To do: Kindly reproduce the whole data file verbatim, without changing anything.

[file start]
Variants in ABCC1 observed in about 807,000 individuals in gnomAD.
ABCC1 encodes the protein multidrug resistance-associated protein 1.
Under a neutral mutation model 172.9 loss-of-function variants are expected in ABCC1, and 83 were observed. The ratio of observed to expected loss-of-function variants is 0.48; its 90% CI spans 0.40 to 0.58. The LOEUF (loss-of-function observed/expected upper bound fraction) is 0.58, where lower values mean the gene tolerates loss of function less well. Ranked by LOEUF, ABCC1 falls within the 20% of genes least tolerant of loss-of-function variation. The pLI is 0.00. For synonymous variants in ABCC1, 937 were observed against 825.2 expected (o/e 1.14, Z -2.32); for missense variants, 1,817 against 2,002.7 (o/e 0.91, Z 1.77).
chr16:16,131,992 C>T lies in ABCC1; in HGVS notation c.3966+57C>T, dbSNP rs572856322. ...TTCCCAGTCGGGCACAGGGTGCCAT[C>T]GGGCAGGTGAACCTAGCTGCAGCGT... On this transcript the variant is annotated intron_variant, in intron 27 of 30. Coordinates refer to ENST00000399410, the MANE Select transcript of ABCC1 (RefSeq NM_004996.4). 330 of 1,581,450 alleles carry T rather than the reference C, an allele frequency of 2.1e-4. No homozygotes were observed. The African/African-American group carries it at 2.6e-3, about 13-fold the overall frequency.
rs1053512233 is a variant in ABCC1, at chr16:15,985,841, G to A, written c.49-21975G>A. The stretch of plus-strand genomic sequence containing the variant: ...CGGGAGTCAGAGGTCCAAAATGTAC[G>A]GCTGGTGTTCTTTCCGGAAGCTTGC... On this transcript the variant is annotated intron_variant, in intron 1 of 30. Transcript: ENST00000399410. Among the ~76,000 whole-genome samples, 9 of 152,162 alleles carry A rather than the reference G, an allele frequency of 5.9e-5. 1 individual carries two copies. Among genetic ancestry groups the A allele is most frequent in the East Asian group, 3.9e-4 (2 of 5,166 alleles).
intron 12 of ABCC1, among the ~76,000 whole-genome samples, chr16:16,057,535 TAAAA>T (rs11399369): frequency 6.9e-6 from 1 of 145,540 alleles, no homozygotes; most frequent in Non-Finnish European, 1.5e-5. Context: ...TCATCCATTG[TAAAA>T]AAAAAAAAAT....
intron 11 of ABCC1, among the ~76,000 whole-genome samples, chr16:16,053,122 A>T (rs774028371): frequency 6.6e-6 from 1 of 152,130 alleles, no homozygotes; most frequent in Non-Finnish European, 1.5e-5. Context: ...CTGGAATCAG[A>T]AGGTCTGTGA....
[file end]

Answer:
Variants in ABCC1 observed in about 807,000 individuals in gnomAD.
ABCC1 encodes the protein multidrug resistance-associated protein 1.
Under a neutral mutation model 172.9 loss-of-function variants are expected in ABCC1, and 83 were observed. The ratio of observed to expected loss-of-function variants is 0.48; its 90% CI spans 0.40 to 0.58. The LOEUF (loss-of-function observed/expected upper bound fraction) is 0.58, where lower values mean the gene tolerates loss of function less well. Ranked by LOEUF, ABCC1 falls within the 20% of genes least tolerant of loss-of-function variation. The pLI is 0.00. For synonymous variants in ABCC1, 937 were observed against 825.2 expected (o/e 1.14, Z -2.32); for missense variants, 1,817 against 2,002.7 (o/e 0.91, Z 1.77).
chr16:16,131,992 C>T lies in ABCC1; in HGVS notation c.3966+57C>T, dbSNP rs572856322. ...TTCCCAGTCGGGCACAGGGTGCCAT[C>T]GGGCAGGTGAACCTAGCTGCAGCGT... On this transcript the variant is annotated intron_variant, in intron 27 of 30. Coordinates refer to ENST00000399410, the MANE Select transcript of ABCC1 (RefSeq NM_004996.4). 330 of 1,581,450 alleles carry T rather than the reference C, an allele frequency of 2.1e-4. No homozygotes were observed. The African/African-American group carries it at 2.6e-3, about 13-fold the overall frequency.
rs1053512233 is a variant in ABCC1, at chr16:15,985,841, G to A, written c.49-21975G>A. The stretch of plus-strand genomic sequence containing the variant: ...CGGGAGTCAGAGGTCCAAAATGTAC[G>A]GCTGGTGTTCTTTCCGGAAGCTTGC... On this transcript the variant is annotated intron_variant, in intron 1 of 30. Transcript: ENST00000399410. Among the ~76,000 whole-genome samples, 9 of 152,162 alleles carry A rather than the reference G, an allele frequency of 5.9e-5. 1 individual carries two copies. Among genetic ancestry groups the A allele is most frequent in the East Asian group, 3.9e-4 (2 of 5,166 alleles).
intron 12 of ABCC1, among the ~76,000 whole-genome samples, chr16:16,057,535 TAAAA>T (rs11399369): frequency 6.9e-6 from 1 of 145,540 alleles, no homozygotes; most frequent in Non-Finnish European, 1.5e-5. Context: ...TCATCCATTG[TAAAA>T]AAAAAAAAAT....
intron 11 of ABCC1, among the ~76,000 whole-genome samples, chr16:16,053,122 A>T (rs774028371): frequency 6.6e-6 from 1 of 152,130 alleles, no homozygotes; most frequent in Non-Finnish European, 1.5e-5. Context: ...CTGGAATCAG[A>T]AGGTCTGTGA....